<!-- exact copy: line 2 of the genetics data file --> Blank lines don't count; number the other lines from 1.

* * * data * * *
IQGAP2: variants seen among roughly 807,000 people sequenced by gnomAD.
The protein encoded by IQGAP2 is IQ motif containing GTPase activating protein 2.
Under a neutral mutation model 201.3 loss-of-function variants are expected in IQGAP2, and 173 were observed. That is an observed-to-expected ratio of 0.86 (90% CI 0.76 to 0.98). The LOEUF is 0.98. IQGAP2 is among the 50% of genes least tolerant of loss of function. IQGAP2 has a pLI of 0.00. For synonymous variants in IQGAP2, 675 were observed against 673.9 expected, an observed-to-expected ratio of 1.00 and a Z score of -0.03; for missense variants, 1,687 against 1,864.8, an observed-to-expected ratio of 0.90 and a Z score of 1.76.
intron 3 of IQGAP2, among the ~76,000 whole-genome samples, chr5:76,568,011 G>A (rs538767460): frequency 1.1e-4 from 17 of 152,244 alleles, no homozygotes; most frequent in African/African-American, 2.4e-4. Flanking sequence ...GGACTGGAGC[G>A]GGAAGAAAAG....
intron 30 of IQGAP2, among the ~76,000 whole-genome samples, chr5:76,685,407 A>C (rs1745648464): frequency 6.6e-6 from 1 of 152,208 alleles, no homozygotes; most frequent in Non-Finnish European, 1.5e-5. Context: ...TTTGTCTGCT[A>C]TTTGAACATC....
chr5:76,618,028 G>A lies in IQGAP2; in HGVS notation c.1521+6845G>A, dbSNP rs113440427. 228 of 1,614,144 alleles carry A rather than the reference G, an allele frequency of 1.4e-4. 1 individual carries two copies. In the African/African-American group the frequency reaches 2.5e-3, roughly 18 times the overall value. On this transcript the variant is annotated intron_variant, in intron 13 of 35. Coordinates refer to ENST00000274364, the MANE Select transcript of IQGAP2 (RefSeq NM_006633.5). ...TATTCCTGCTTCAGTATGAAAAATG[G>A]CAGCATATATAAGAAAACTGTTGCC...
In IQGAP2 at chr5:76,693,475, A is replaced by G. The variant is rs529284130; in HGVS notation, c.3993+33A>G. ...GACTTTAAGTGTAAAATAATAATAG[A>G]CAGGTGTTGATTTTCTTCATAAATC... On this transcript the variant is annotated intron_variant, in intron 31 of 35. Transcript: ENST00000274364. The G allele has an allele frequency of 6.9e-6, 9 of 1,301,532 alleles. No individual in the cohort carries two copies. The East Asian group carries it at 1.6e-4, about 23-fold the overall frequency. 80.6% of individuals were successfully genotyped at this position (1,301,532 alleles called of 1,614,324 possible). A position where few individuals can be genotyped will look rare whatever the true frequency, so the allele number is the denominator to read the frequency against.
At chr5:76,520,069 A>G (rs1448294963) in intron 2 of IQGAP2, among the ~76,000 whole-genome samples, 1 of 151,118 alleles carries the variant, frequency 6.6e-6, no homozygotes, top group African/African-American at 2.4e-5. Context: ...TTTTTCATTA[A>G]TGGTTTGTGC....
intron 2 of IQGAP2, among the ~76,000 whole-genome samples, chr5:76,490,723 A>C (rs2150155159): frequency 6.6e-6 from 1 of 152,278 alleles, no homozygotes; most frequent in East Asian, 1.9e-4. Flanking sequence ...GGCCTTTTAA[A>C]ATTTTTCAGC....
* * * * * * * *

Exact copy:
The protein encoded by IQGAP2 is IQ motif containing GTPase activating protein 2.